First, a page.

They also have some big contracts that it would make sense to trade for, one of them being hilariously our old friend Buddy Hield. Malcolm Brogdon is another player with a big contract that the The Lakers have previously had an interest in during past low seasons.
Like the Hornets deal, the Pacers would turn a pair of long-term deals into a big hit under the short-term salary cap. However, that doesn’t seem like enough help, and the Lakers would probably have to add an asset to the Pacers to sweeten the deal. Ultimately, teams know the Lakers have backed into a corner and will squeeze them for every possible asset.
Adding Talen Horton-Tucker to the trade would still work out financially. Adding some of limited team selections, with or without Horton-Tucker, could also work. Packing up Westbrook and Tucker for Hield and Brogdon also saves the Lakers $13.5 million in the short term.
The catch in this deal is twofold. For one thing, Brogdon has a lot of injury problems and has played just 150 of a possible 231 games in the last three years. And yet, Brogdon is signed through the 2024-25 season while Hield is signed through the 2023-24 season. This deal would severely limit the Lakers’ future spending, but would give them two productive players, when healthy, on the roster. Perhaps that’s a more preferred risk than going after Hayward for the Lakers, but it presents a similar kind of downside if it goes wrong.
New York Knicks
The Knicks are always up for something wild, and trading for Westbrook could be that move. For one thing, they have the contracts to match it. For two, unlike Indiana or Charlotte, who would almost certainly buy Westbrook’s contract, the Knicks might be crazy enough to play him.
Setting up the trade is relatively simple. Pick a combination of Julius Randle ($26.1 million payer in 2022-23), Evan Fournier ($18 million), Derrick Rose ($14.5 million) and Alec Burks ($10 million) that puts you in the ballpark of Westbrook’s $47 million and it’s pretty much set.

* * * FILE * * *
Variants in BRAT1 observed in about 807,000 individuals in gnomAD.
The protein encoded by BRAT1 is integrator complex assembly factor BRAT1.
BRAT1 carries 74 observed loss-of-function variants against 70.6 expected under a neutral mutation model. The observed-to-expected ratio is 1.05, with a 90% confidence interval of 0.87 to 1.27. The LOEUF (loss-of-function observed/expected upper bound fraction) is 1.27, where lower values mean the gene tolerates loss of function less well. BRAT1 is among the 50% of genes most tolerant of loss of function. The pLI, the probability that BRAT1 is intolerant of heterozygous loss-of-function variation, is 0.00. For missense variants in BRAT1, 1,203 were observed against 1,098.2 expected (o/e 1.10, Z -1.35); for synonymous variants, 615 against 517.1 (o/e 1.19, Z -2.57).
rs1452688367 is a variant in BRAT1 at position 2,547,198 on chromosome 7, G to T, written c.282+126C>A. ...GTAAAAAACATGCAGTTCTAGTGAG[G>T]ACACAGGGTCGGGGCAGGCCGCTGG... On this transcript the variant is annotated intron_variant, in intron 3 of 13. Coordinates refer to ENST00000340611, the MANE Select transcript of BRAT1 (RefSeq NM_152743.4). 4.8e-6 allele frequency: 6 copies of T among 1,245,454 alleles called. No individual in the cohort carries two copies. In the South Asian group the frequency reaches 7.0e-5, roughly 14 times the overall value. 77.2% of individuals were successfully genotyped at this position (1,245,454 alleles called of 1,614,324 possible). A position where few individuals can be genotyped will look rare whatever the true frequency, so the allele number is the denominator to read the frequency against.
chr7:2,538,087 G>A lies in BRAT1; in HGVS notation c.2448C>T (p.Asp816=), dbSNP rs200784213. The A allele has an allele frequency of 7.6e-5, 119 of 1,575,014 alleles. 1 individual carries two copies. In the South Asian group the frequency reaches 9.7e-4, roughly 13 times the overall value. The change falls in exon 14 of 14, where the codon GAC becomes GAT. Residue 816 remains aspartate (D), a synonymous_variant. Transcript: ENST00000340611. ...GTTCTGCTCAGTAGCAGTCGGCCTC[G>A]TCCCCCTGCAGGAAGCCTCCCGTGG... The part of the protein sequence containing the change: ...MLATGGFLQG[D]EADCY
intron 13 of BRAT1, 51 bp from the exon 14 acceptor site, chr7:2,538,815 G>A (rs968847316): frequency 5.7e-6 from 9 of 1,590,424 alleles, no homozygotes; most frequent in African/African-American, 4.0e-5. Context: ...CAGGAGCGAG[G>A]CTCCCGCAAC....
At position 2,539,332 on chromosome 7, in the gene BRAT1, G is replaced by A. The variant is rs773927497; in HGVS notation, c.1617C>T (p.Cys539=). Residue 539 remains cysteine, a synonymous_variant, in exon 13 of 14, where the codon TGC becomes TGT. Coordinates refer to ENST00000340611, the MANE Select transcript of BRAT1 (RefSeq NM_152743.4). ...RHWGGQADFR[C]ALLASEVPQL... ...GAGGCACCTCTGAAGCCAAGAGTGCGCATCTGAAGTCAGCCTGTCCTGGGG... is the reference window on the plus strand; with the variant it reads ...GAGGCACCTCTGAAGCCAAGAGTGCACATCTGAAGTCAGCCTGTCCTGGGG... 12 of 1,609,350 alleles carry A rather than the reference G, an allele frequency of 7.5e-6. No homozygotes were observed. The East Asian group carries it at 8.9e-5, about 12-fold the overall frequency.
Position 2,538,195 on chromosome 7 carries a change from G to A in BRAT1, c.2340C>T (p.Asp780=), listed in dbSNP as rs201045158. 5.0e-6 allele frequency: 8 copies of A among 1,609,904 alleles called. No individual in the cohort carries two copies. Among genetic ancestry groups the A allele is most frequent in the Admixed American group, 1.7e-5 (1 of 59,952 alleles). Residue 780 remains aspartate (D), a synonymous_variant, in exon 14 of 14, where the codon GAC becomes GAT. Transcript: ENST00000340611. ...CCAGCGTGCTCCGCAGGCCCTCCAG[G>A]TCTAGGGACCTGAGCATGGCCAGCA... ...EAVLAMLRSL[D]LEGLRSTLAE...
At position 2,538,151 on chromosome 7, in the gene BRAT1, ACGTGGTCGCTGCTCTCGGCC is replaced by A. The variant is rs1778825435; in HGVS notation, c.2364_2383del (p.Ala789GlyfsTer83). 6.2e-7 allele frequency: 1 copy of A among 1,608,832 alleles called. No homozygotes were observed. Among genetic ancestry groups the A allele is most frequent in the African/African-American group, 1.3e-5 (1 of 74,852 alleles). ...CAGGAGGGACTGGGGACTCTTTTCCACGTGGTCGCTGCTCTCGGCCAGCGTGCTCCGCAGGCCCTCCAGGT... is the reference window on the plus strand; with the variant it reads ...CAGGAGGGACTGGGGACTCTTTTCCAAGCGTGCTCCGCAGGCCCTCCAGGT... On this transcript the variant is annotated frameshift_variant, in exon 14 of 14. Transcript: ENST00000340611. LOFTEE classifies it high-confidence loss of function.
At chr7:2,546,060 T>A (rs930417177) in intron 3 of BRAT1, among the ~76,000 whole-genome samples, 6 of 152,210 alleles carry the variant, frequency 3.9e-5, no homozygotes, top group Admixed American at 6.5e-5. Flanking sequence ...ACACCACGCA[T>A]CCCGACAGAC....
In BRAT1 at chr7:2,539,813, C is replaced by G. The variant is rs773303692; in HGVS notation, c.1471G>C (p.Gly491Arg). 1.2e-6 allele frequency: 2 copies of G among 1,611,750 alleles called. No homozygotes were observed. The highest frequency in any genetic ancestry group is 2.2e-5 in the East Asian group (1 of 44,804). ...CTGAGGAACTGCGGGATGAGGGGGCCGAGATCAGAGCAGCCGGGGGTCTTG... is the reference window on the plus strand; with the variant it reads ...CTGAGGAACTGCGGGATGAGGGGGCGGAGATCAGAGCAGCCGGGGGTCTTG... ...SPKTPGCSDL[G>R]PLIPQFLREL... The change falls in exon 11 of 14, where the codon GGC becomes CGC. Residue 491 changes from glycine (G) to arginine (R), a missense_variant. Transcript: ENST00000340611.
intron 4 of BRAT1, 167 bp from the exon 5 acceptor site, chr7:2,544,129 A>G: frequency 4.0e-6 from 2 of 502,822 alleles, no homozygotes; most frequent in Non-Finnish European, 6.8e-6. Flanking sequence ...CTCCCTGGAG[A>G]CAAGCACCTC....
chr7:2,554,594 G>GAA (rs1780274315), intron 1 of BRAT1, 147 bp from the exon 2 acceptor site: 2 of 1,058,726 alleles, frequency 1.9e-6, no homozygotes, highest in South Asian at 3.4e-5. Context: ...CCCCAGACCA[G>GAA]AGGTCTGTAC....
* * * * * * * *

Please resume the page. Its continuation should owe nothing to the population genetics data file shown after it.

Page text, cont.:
the Lakers I’ve been after Rose for a long time., and could see his addition as a positive, even though he’s a 33-year-old point guard who can’t shoot. Randle’s acquisition would only come after some awkward apologies and/or “forgive and forget” acknowledgments. considering how things turned out in his first term in Los Angeles too (do you notice a trend here?). Fournier and Burks would be wings the team was sorely lacking this season, though the former would come on a much longer contract than the latter.
In reality, this would just be an instance of two teams exchanging problems. The Lakers and the Knicks had conversations of some kind during the trade deadline, though they almost certainly didn’t include Westbrook or probably a lot of the players who would need to be included in this deal to make it work financially. But there is a relationship established there.
For the Lakers, it’s shuffling the deck, turning one really bad contract into multiple bad contracts in the hope that a change of scenery will lead to more production from acquired players or smaller contracts will be easier to move. For the Knicks, the motivations are similar: trade players who didn’t work out for one who’s only under a one-year deal and allow another restart next summer while maybe putting some butts in the seats in the interim.
Neither of these trades is ideal, obviously, because there is no ideal Lakers trade for Westbrook that another NBA team would accept. Somehow, the Lakers will take a hit if they want to get rid of Westbrook, it’s just a matter of assessing which hit hurts the least and can help the team win more in the last year they have James. and Davis together.